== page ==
On Sept. 12, 2007, the New York Mets led the National League East by seven games. By Sept. 28, that lead had disintegrated, and when all was said and done the Philadelphia Phillies had shocked everyone but themselves by winning the NL East crown. The Phillies' comeback is widely attributed to a monumental collapse by the Mets. Yet, it's much easier to lose a ton of games than to win a ton of games, and the Phillies were required to do the latter.
The Colorado Rockies also had their backs against the wall late in the season. As recently as Sept.17, they were an all-but-forgotten team sitting in fourth place - in their own division. The Rockies set a torrid pace down the stretch, winning 14 of their last 15 games to force a one-game playoff against the San Diego Padres. Needless to say, the Rockies pulled off an equally improbable comeback in that game, scoring three runs off of future Hall of Fame closer Trevor Hoffman when faced with a two-run deficit in the bottom of the 13th.
Now, with both teams souped up on liberal doses of the intangible known as "momentum," they enter the playoffs ready to continue their hot streaks. Just one problem: They're playing against each other. A fan simply couldn't ask for anything more - unless the aforementioned fan favored the Mets or Padres. Making the match-up slightly more interesting is that the Phillies and Rockies are remarkably similar in their makeup. Both clubs feature high-powered offenses and subpar pitching. The series is also likely to pit last year's MVP, Philadelphia's Ryan Howard, against the favorite for the award this year, the Rockies' Matt Holliday. I'm going to predict a scintillating best-of-five, and leave it at that. (Editor's note: The Rockies defeated the Phillies 4-2 last night in the first game of the series.)
Another intriguing playoff match-up is the New York Yankees versus the Cleveland Indians. The Yankees swept the season series from the Indians 6-0, but Cleveland has since gone on a tear, going 31-12 in their final 43 games. Playing to the Yankees' advantage is the repealing of the famed "Joba rules" regarding their 21-year-old flame-throwing phenomenon Joba Chamberlain. It's the playoffs now, and the Yankees will go to their youngster whenever necessary.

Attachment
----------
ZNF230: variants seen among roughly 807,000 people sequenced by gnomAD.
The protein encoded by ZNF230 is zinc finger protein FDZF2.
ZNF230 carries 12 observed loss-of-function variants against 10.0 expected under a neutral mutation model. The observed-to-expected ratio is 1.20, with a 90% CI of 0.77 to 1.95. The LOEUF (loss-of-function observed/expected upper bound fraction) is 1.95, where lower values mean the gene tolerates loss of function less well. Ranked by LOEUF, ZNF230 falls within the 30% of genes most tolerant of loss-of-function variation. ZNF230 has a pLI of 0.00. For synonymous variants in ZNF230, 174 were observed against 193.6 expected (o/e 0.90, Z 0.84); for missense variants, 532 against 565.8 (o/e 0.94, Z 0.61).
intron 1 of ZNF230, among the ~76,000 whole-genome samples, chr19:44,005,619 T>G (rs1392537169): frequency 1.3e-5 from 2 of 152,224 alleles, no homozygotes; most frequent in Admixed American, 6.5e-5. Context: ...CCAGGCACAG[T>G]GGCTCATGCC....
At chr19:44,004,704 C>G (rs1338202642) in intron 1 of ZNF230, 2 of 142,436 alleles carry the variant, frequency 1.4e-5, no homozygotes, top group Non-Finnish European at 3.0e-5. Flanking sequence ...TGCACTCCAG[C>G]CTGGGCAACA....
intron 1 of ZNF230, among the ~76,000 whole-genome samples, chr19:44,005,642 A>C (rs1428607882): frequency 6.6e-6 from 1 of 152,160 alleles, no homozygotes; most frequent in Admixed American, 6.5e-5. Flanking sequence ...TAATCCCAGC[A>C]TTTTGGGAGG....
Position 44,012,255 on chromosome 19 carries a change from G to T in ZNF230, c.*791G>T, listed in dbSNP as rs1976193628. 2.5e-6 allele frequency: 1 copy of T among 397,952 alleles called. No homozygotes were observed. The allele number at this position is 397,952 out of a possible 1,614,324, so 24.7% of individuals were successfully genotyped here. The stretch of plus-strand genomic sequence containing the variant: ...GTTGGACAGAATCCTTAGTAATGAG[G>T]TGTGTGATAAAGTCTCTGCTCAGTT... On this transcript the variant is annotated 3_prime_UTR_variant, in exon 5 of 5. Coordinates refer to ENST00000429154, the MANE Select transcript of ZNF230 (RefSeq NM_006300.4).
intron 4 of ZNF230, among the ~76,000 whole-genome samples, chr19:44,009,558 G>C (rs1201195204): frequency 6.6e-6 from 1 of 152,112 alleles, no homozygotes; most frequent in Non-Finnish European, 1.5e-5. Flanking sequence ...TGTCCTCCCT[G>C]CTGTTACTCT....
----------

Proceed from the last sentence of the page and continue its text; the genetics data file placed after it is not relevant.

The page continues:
One player who will be heavily scrutinized in the series is Alex Rodriguez: Despite his unbelievable season, the fact remains that he has just six hits in his last 49 playoff at-bats. The fate of the series comes down to A-Rod's performance. If he can continue his regular season success, the Yankees will cakewalk to the Championship Series.
In the other American League series, the Los Angeles Angels of Anaheim are pitted against the Boston Red Sox. Both teams boast disciplined approaches at the plate, so the best pitching staff will decide the winner. Kelvim Escobar and John Lackey anchor the Angels' staff, with Francisco Rodriguez providing security at the back of the bullpen. Lackey and Rodriguez are each playoff-tested, leading the Angels to their most recent World Series title in 2002. The Red Sox have the equally-seasoned Josh Beckett and Curt Schilling on hand for their postseason drive, but their bullpen has been shaky of late. 26-year-old closer Jonathan Papelbon will look to anchor the Sox in his inaugural postseason.
The second Division Series in the National League matches the Chicago Cubs against the Arizona Diamondbacks. The Cubs will lean on the offensive trio of Alfonso Soriano, Derrek Lee and Aramis Ramirez as they try to reach their first World Series since 1945. The Diamondbacks are somewhat of an anomaly; a well-managed team without any superstars. The Cubs appear to have vastly superior personnel in this series, but as the saying goes, "there's a reason they play the games."